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This is the official website for the Los Angeles County Beekeepers Association established in 1873.


Bare Bees:
Bill's Bees
Holly Hawk 626-807-0572
The Valley Hive 


Welcome to the Los Angeles County Beekeepers Association!

For over 130 years the Los Angeles County Beekeepers Association has been serving the Los Angeles Beekeeping Community. Our group membership is composed of commercial and small scale beekeepers, bee hobbyists, and bee enthusiasts. So whether you came upon our site by design or just 'happened' to find us - welcome! Our primary purpose is the care and welfare of the honeybee. We achieve this through education of ourselves and the general public, supporting honeybee research, and practicing responsible beekeeping in an urban environment. 

"The bee is more honored than other animals, not because she labors, but because she labors for others."  Saint John Chrysostom 

Next LACBA Meeting:
Monday, August 6, 2018. General Meeting: 7PM. Open Board Meeting: 6:30PM.  

Next LACBA Beekeeping Class 101:
Sunday, July 15, 2018, 9AM-Noon at The Valley Hive. BEE SUITS REQUIRED!

Check out our Facebook page for lots of info and updates on bees; and please remember to LIKE US: 



Identifying the Bees

Whats the Buzz? North America has over 4,400 described species of 'native bees' that pollinate wildflowers and crops. From the tiny Perdita minima to the substantial carpenter bee [Xylocopa virginica] these local pollinators are hard at work in the floral landscapes of gardens, farms, forests, grasslands and urban and wild lands. Unfortunately, several species of native bees are showing disturbing signs of decline. Learn more about these colorful pollinators and how you can support them at:

Identifying the Bees on the Poster:


The Blessing of the Bees

From NYC Beekeeping

We're buzzing with excitement...the first-ever blessing of the bees took place earlier today at Cathedral St John the Divine with!

In the photo: the Bishop and Jim and Nicole (the beekeeper at the Cathedral) from 
Photo © by Jan Mun

By the way, if you're in New York on June 25th catch the Booktalk & Summer Gathering: Kim Flottum - "The Buzz about Bees and the Future of Food" at The Arsenal in Central Park.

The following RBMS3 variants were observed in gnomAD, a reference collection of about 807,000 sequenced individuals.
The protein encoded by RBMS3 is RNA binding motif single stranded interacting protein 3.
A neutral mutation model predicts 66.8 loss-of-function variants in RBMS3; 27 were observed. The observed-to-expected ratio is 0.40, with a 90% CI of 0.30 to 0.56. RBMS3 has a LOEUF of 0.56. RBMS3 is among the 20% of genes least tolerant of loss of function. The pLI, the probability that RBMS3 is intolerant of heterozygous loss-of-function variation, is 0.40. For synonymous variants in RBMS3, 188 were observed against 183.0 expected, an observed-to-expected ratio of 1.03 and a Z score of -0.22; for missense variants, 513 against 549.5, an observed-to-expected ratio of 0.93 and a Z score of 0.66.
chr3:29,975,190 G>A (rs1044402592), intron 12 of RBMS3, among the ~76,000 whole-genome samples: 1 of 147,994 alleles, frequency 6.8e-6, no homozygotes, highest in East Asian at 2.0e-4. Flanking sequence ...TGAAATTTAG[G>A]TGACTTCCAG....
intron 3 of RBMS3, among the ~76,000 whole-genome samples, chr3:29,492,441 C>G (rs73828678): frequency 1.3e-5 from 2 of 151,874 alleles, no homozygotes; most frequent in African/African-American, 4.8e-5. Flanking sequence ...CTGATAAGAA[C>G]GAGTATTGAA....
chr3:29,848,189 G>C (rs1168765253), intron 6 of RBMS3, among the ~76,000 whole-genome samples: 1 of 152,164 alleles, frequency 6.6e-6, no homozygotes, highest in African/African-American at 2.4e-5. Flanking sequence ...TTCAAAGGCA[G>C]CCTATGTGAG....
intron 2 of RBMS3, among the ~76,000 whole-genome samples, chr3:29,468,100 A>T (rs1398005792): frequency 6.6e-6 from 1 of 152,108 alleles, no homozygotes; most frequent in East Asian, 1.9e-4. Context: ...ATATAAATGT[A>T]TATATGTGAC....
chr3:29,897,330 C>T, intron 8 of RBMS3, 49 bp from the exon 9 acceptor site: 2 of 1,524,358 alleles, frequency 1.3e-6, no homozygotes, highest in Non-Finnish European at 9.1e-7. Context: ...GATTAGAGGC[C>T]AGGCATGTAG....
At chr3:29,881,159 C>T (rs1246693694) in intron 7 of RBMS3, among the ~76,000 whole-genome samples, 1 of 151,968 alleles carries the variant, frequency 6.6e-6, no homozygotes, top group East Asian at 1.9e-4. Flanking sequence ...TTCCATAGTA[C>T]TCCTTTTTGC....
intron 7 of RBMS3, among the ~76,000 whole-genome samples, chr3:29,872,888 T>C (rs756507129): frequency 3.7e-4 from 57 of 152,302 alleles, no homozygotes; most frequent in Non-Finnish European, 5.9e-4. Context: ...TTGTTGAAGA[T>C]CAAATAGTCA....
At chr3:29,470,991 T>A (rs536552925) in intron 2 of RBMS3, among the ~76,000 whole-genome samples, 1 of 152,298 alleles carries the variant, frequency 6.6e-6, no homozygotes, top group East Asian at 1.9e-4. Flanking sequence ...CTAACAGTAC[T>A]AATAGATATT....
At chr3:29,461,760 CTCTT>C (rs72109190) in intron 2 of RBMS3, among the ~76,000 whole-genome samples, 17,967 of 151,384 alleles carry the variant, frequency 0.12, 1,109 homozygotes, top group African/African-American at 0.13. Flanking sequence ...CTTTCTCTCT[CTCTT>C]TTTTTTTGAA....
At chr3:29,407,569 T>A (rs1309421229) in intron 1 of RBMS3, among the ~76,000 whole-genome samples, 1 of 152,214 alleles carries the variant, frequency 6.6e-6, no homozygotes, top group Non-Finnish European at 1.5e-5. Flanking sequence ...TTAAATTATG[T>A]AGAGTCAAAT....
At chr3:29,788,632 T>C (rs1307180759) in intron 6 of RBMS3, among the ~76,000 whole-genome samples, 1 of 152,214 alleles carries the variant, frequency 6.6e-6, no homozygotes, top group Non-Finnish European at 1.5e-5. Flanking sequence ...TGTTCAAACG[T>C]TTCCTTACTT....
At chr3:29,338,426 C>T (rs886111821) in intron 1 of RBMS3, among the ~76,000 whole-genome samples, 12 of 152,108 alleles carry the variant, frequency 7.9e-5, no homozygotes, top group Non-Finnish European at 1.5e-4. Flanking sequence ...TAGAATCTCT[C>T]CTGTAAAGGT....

Help EPA Focus on What's at Stake

PAN North America (Pesticide Action Network) June 19, 2012

It’s pollinator week, a made-up holiday focusing on a very real problem: bees are still dying off en masse, and without them, we’re in trouble. This week and next, EPA is deciding just how “real” a threat pesticides pose to our pollinators. We need to help them focus on what’s really at stake.

Bee die-offs are an emergency. Period. » In March, PAN joined partners and beekeepers from around the country in filing a legal petition with EPA, calling on the agency to make use of its emergency powers to protect bees from Bayer's clothianidin.

Sources tell us that in the next two weeks, EPA will decide whether or not bees dying off at unprecedented rates constitutes an “imminent hazard.” Since the wholesale decline of bees and other pollinators is most certainly an imminent hazard requiring emergency intervention, we want to be sure that EPA knows we're watching.

“Imminent hazard” is bureaucracy-speak from our notoriously weak federal pesticide law (FIFRA). It sets the condition under which EPA can actually take swift action to cancel the registration of a pesticide. They very rarely do so in part because they know the pesticide industry will keep that decision tied up in court. In other words, industry sues EPA when the agency does its job.

EPA, use your power to protect bees now» If bees dying off en masse isn’t an “imminent hazard” and an emergency, we don’t know what is.

Thank you for taking action.

Pesticide Action Network North America 49 Powell St., Suite 500, San Francisco, CA 94102 USA
Phone: (415) 981-1771 Fax: (415) 981-1991 Email:


Of Honeybees and World Food Supply

By: Georginna Pfost (Christian Science Monitor-A Christian Science Perspective) June 19, 2012

Pollinators, including bees, butterflies, and moths, as well as bats and birds, are a critical part of our planet’s ecosystem – the interconnected structure of life. In fact, one-third of humans’ food comes from insect-pollinated plants. In the process of collecting pollen and nectar to sustain themselves, pollinators help plants reproduce by spreading their pollen. And, in turn, the plants’ fruits and seeds provide food for other animals and people.

Consequently, many people (particularly backyard beekeepers like me) are celebrating the sixth annualPollinator Week (June 18-24) by doing such things as planting more varieties of flowers, buying more organically grown food, and eliminating the use of pesticides in our gardens. These actions help feed pollinators and prevent harm to them. But given recent news of spring honeybee die-offs in the Midwestern United States (apparently related to the sowing of pesticide-coated corn), I’m also taking time to specifically pray for these small creatures. 


Related stories

Diggin' It

Pollination power in the garden



Off to Italy on a Very Important Mission

By Kathy Keatley Garvey (Bug Squad - Happenings in the Insect World) 

It won't be lock, stock and barrel, but it will be stock.

A team of scientists from UC Davis and Washington State University will be heading for Italy tomorrow (June 19) to gather germplasm (sperm) of Old World/Italian honey bee stock. They'll bring it back to the United States to inseminate bee queens. 

Bee breeder-geneticist Susan Cobey, who has a joint appointment at UC Davis and WSU, will be in Italy with colleagues Read More...

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